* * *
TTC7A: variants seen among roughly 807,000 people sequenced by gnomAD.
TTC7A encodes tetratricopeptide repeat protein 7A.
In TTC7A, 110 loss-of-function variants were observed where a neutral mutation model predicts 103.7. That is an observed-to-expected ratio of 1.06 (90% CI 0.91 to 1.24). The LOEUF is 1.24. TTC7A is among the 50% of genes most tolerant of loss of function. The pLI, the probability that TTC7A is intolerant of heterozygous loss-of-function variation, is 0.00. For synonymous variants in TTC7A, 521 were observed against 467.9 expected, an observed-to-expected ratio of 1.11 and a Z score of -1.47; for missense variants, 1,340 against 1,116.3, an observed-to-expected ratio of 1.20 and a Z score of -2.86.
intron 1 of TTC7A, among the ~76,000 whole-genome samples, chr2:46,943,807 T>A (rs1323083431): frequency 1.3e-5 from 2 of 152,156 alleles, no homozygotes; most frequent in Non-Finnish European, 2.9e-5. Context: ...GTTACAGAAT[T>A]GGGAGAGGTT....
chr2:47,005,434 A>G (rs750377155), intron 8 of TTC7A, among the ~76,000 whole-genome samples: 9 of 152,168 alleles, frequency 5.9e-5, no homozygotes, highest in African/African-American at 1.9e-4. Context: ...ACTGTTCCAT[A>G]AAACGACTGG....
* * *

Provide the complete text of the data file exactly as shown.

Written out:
TTC7A: variants seen among roughly 807,000 people sequenced by gnomAD.
TTC7A encodes tetratricopeptide repeat protein 7A.
In TTC7A, 110 loss-of-function variants were observed where a neutral mutation model predicts 103.7. That is an observed-to-expected ratio of 1.06 (90% CI 0.91 to 1.24). The LOEUF is 1.24. TTC7A is among the 50% of genes most tolerant of loss of function. The pLI, the probability that TTC7A is intolerant of heterozygous loss-of-function variation, is 0.00. For synonymous variants in TTC7A, 521 were observed against 467.9 expected, an observed-to-expected ratio of 1.11 and a Z score of -1.47; for missense variants, 1,340 against 1,116.3, an observed-to-expected ratio of 1.20 and a Z score of -2.86.
intron 1 of TTC7A, among the ~76,000 whole-genome samples, chr2:46,943,807 T>A (rs1323083431): frequency 1.3e-5 from 2 of 152,156 alleles, no homozygotes; most frequent in Non-Finnish European, 2.9e-5. Context: ...GTTACAGAAT[T>A]GGGAGAGGTT....
chr2:47,005,434 A>G (rs750377155), intron 8 of TTC7A, among the ~76,000 whole-genome samples: 9 of 152,168 alleles, frequency 5.9e-5, no homozygotes, highest in African/African-American at 1.9e-4. Context: ...ACTGTTCCAT[A>G]AAACGACTGG....